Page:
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  • Whither NAFTA
  • Markets at a glance
  • What to watch for today

The views on NAFTA

Bay Street economists have three slightly different views of President Donald Trump trash-talking Prime Minister Justin Trudeau, Foreign Affairs Minister Chrystia Freeland and NAFTA.

As The Globe and Mail’s Adrian Morrow and Michelle Zilio report, Mr. Trump told reporters Wednesday that he refused to meet Mr. Trudeau ahead of a Sept. 30 NAFTA deadline, loathes Canada’s negotiating style, and doesn’t like Canada’s negotiator.

While he didn’t name the negotiator, he was, presumably, referring to Ms. Freeland, who has led the Ottawa side of the negotiations.

The Americans set the deadline for Canada to sign on to a pact between the U.S. and Mexico, one that would replace the North American free-trade agreement. Talks appear deadlocked, with Mr. Trump saying he wants a fair deal, and Mr. Trudeau saying that no deal is better than a bad one.

President Donald Trump speaks during a news conference at the Lotte New York Palace hotel during the United Nations General Assembly, Wednesday, Sept. 26, 2018, in New YorkEvan Vucci/The Associated Press

Mr. Trump said he shunned Mr. Trudeau “because his tariffs are too high and he doesn’t seem to want to move, and I’ve told him ‘forget about it.”

Mr. Trudeau’s office, in turn, said the Prime Minister never asked to meet.

Canada and the U.S. are engaged in a tariff war, with the Americans slapping levies on aluminum and steel, sparking retaliation from Ottawa, and Mr. Trump threatening to hit auto exports in the absence of a deal.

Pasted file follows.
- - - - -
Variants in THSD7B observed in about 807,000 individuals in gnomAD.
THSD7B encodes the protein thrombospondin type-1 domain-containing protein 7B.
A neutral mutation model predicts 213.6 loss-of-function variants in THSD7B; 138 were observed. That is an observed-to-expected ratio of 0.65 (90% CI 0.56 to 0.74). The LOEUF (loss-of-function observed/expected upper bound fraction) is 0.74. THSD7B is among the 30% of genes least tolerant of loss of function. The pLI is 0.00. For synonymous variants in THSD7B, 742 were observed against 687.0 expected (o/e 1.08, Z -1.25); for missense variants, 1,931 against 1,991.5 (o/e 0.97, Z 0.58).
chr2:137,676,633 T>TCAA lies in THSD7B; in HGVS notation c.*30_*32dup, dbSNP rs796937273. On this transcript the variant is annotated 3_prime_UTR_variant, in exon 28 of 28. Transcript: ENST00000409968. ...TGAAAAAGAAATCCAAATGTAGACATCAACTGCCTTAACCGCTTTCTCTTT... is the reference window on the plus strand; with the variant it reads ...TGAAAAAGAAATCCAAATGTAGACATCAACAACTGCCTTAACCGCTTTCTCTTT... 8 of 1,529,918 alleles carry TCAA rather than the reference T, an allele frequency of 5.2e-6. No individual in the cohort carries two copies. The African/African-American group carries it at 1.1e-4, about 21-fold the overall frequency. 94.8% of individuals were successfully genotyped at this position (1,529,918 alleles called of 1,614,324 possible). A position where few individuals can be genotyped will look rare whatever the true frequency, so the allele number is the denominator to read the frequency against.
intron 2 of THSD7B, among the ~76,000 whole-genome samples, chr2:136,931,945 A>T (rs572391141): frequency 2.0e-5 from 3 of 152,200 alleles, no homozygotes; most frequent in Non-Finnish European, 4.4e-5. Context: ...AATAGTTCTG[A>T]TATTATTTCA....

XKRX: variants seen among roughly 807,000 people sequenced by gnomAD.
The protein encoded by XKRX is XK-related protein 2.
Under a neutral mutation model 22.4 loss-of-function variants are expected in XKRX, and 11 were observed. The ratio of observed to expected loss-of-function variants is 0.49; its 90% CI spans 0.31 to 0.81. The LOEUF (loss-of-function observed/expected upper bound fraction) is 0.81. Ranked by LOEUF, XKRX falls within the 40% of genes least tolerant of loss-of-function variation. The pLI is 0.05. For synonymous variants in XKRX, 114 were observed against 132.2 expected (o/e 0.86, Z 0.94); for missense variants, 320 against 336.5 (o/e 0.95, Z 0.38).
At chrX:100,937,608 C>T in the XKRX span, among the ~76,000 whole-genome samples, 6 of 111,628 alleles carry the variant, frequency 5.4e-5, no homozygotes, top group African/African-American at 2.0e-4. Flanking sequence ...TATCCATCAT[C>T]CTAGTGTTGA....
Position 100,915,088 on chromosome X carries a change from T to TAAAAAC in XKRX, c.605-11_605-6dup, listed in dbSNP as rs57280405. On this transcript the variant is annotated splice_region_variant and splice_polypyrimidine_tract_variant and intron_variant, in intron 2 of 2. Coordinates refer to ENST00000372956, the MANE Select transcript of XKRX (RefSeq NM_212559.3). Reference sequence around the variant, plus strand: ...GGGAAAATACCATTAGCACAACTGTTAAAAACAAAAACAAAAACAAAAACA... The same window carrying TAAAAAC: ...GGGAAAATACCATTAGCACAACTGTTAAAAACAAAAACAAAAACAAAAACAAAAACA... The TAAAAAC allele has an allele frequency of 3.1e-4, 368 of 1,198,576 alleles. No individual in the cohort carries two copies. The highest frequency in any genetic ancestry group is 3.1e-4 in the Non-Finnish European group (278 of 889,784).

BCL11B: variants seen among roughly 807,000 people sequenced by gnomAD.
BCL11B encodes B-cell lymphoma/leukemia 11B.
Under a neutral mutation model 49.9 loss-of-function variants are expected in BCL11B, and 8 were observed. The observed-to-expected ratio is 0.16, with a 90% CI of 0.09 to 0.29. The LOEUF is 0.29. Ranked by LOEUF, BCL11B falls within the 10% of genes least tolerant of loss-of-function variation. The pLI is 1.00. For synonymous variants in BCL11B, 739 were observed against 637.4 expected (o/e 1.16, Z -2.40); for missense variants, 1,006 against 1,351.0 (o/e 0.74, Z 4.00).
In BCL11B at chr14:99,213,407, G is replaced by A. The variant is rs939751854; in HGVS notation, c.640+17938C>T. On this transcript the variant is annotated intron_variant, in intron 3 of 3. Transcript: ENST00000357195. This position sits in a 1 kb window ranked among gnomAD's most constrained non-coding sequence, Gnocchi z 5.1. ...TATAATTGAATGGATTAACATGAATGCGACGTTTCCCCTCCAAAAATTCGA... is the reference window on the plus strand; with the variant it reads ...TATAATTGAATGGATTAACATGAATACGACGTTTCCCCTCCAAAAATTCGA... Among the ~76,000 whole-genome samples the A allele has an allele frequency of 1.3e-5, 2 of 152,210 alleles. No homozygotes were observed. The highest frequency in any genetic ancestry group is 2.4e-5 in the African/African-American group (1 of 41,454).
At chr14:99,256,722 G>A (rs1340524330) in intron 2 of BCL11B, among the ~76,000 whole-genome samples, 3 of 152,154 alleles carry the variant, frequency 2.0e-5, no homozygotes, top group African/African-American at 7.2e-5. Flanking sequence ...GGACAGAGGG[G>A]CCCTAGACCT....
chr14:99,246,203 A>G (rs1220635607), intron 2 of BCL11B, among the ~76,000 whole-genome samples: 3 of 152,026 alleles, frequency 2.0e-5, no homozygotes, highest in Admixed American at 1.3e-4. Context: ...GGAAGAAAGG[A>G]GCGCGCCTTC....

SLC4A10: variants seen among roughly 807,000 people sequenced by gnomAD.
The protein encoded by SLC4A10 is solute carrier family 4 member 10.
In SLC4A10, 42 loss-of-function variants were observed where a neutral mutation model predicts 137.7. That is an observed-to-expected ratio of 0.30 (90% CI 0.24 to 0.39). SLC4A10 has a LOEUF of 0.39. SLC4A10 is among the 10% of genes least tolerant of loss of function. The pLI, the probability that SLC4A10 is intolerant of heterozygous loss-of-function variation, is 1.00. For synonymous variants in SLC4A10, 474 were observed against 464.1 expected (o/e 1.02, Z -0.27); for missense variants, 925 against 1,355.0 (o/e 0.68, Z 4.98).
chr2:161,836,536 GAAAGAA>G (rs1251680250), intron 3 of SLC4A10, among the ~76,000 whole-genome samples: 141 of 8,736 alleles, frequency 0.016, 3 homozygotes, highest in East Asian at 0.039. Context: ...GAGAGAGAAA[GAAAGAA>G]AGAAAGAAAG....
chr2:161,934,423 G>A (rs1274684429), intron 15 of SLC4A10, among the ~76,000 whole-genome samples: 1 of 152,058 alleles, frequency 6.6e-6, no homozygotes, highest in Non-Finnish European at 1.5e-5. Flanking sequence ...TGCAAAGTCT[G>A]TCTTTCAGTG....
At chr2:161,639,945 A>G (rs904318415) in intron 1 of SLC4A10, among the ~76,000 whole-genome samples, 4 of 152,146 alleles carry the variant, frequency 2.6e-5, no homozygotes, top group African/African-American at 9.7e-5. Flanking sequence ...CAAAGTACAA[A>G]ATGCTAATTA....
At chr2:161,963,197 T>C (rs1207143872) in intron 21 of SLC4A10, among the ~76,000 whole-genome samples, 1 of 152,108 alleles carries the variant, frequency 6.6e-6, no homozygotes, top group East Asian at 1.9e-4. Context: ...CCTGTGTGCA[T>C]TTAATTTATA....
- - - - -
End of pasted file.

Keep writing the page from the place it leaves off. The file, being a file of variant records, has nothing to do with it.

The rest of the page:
“We’re very unhappy with the negotiations and the negotiating style of Canada,” Mr. Trump lamented. “We don’t like their representative very much.”

Economists have three ways of looking at this:

1: It’s not good.

2: Relax, it’s just Trump being Trump.

3: It’s what’s supposed to happen in the heated hours before a negotiating deadline.

Here’s what they said after Mr. Trump’s attack on Canada.


“Two words – not encouraging,” said Bank of Montreal chief economist Douglas Porter.

“Especially given there’s now less than 100 hours left in the month (i.e., before the U.S./Mexico deadline they have set for us)."

Prime Minister Justin Trudeau looks on as Foreign Affairs Minister Chrystia Freeland responds to a question during a panel discussion at the Council on Foreign Relations in New York, Tuesday, Sept. 25, 2018Adrian Wyld/The Canadian Press

It’s not the first deadline, and we’ll see if it’s indeed the last. The idea is that the Trump administration will take the U.S.-Mexico deal to Congress if Ottawa doesn’t come on board by the weekend.

Analysts have suggested a remade Congress, after the November midterm elections, could tie the administration’s hands.

But Mr. Trump could carry through with his threat to hit Canadian auto exports with hefty tariffs, dealing the economy a crippling blow. Ontario would be especially hard hit.

Mr. Trump’s harsh comments “may be a way of masking that Canada may have scored a minor tactical victory for now,” Mr. Porter said.